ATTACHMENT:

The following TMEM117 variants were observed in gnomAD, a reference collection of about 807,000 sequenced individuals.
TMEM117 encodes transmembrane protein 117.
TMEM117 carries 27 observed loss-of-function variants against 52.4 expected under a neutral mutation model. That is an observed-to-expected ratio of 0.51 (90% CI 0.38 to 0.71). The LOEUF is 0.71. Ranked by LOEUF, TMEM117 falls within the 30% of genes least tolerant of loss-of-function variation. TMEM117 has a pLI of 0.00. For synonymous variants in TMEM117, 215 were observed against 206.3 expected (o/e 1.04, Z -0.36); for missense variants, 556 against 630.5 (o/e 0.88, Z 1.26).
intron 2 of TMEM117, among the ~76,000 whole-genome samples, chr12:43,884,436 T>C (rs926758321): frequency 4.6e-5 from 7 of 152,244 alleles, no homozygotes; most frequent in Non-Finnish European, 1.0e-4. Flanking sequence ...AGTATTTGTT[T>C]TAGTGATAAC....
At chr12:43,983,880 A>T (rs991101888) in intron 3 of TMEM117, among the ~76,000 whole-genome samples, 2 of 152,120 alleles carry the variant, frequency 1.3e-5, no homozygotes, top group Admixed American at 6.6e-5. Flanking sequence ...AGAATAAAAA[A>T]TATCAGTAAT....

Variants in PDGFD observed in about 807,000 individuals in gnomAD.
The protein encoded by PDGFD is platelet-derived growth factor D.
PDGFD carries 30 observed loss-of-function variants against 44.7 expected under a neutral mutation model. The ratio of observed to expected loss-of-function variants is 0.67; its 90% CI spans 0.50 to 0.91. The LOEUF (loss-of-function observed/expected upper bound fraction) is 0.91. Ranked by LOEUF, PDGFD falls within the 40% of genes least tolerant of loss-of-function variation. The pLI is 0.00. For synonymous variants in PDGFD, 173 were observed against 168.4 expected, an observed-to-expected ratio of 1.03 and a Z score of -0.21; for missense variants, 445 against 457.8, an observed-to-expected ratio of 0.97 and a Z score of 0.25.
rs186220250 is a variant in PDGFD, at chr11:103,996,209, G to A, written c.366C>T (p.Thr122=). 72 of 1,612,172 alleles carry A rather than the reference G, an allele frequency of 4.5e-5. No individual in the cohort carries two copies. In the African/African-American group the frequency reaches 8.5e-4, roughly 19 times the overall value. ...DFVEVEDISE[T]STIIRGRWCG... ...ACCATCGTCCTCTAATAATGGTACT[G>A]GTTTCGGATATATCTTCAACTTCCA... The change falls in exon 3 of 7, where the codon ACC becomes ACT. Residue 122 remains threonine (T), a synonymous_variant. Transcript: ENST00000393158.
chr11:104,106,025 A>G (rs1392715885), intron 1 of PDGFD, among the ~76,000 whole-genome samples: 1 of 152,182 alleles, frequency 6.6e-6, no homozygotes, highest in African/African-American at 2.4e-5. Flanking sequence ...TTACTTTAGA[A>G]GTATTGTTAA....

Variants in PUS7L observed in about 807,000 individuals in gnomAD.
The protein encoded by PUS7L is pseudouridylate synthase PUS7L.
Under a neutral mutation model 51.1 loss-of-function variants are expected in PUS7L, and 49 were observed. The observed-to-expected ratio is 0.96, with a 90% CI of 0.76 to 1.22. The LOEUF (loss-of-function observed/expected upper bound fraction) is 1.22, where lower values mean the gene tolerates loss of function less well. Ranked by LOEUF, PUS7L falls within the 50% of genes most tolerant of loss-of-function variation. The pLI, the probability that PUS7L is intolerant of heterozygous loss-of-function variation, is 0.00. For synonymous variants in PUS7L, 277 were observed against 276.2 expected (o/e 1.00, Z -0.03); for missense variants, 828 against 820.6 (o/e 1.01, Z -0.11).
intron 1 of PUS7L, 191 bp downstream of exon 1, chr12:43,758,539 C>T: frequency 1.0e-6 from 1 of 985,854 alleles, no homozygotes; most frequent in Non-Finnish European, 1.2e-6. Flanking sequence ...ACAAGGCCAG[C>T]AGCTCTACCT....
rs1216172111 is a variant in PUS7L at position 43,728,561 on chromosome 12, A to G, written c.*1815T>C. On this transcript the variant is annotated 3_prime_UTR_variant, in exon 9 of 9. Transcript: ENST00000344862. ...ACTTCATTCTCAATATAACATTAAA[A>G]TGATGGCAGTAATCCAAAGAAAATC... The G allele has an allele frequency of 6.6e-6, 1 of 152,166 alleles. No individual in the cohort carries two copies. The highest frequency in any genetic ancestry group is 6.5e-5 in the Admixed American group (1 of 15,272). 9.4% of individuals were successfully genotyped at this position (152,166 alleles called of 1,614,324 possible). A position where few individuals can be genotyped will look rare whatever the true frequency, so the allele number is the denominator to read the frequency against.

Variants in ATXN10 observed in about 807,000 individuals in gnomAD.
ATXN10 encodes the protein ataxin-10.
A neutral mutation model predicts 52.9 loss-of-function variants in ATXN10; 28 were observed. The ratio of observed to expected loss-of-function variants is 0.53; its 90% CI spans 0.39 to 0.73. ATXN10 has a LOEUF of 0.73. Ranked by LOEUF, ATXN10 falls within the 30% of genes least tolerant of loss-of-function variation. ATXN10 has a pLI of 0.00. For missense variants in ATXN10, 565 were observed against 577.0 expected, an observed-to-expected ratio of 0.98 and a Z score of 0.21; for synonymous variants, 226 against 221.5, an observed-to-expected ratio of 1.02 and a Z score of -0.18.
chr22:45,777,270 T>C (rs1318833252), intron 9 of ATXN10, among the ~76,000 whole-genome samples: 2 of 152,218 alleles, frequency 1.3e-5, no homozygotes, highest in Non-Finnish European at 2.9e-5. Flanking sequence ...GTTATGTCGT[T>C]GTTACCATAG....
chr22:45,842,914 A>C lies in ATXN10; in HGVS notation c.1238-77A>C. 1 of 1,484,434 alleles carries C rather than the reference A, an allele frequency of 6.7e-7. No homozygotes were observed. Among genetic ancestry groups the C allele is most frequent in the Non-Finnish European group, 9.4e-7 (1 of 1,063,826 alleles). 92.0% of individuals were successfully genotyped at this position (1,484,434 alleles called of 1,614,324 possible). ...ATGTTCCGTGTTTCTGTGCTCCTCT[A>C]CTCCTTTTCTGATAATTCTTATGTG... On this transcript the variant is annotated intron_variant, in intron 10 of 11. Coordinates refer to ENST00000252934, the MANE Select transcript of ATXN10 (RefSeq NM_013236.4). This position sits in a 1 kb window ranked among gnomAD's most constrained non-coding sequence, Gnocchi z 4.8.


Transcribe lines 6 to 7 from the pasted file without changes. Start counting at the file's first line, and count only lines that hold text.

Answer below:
Variants in PDGFD observed in about 807,000 individuals in gnomAD.
The protein encoded by PDGFD is platelet-derived growth factor D.